The problem is that it's difficult to fit children into it. When we have children we give up part of our autonomy: we are no longer unimpeded in choosing what to do or be. So French is living and advocating an autonomist lifestyle, the classic single girl lifestyle, in which motherhood is likely to loom as a repressive defeat.
French wants things which are at odds with each other. She advocates autonomist views which are likely to lead people to associate motherhood negatively with oppression. Consider the opinions of right-liberal Charles Richardson, quoted approvingly at the left-liberal Larvatus Prodeo site. Charles Richardson recently attacked the Treasurer's calls for improved fertility on the grounds that:
Decreased birthrates are associated with two things: increased standards of living and improved status of women ... If Australia wants more people we don't have to return our womenfolk to domestic drudgery in order to get them. We just need to open the door (to immigrants) a bit wider ... The drivers of fertility crusades are racism and misogyny: keep the women barefoot and pregnant ...
So autonomy theory led Marilyn French in the 1970s to condemn marriage as a domestic restriction and to propose an independent lifestyle in its place; the same theory now leads modern liberals like Charles Richardson to condemn motherhood as an oppressive domestic burden on women, limiting women's independence.
There's one other disconnect in French's views I'd like to briefly mention. French believes a true revolution in the relations between the sexes has stalled because men haven't changed enough:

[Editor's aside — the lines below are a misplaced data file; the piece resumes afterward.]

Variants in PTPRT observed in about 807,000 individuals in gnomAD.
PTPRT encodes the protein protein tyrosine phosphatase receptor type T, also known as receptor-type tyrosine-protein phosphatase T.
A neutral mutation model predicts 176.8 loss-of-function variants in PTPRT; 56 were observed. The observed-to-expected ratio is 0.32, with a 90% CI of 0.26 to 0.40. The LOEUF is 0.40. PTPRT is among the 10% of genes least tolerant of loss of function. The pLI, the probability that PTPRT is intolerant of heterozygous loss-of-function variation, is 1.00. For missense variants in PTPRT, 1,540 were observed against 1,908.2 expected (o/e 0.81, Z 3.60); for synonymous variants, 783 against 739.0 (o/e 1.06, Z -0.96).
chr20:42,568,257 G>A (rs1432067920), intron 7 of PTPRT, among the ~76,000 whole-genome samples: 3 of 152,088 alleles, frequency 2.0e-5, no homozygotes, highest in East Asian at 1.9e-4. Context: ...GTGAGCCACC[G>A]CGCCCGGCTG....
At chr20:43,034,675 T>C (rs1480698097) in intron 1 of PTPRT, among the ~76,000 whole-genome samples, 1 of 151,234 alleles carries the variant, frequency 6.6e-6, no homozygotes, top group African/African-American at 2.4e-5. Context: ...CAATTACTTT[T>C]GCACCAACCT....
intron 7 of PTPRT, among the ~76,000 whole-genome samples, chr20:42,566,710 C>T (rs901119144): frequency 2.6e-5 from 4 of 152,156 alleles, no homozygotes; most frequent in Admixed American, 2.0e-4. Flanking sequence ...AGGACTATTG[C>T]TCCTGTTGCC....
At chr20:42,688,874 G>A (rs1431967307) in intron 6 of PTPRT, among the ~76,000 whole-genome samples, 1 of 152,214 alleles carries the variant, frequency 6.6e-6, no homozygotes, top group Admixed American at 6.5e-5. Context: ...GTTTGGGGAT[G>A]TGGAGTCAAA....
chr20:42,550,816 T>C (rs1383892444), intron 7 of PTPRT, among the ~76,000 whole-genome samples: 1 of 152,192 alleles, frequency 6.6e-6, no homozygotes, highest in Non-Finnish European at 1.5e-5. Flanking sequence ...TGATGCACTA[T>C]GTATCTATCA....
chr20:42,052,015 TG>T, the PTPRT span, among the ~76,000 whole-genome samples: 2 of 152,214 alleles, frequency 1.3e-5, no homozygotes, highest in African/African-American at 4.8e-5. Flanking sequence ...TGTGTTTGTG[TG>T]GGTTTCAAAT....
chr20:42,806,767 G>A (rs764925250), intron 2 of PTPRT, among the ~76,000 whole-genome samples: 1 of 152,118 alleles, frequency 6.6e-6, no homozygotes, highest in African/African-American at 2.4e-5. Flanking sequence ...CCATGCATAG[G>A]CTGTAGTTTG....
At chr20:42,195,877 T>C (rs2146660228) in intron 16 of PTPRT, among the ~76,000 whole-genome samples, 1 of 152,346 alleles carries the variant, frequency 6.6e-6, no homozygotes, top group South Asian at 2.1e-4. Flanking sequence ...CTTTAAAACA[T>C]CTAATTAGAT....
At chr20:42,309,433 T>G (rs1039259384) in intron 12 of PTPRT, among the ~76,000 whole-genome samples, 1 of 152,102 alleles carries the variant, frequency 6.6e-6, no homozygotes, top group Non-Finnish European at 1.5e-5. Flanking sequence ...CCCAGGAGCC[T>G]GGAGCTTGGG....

Too many are still trapped in the old deluded myths of masculinity, a "hollow suit" of actions and beliefs that has proved extremely stubborn to alter, despite all the talk of SNAGs and metrosexuals, she says.
But is French romantically attracted to the modern metrosexual male? When asked why she wrote, My Summer With George, a novel about an older female pursuing an eligible male journalist, this is the response:
"Well, I got a crush on a guy," she says bluntly. "I realised, I've gone through all these experiences, and here I am - how old was I? I don't know, in my late 60s - and it was like Cinderella. I'm not kidding. You really mean I still have these feelings, that somebody's going to come along, this prince, and make my world wonderful? ... Talk about the triumph of hope over experience."
So the fundamental relationship between men and women, the fundamental attraction between the sexes, is still experienced, even by an ageing radical feminist, in terms of traditional gender. Yet, Marilyn French is calling for a revolution in which traditional masculinity is overthrown.
In other words, she admits that she herself responds romantically to the traditional male, and yet she criticises men for being too traditionally masculine. It seems to me that her own heterosexuality is getting in the way of a consistent politics here. Personally, I'd suggest that she modify the politics at this stage, but I think it's more likely for expectations of love to be sacrificed. A pity, though, if women in general are encouraged to follow suit.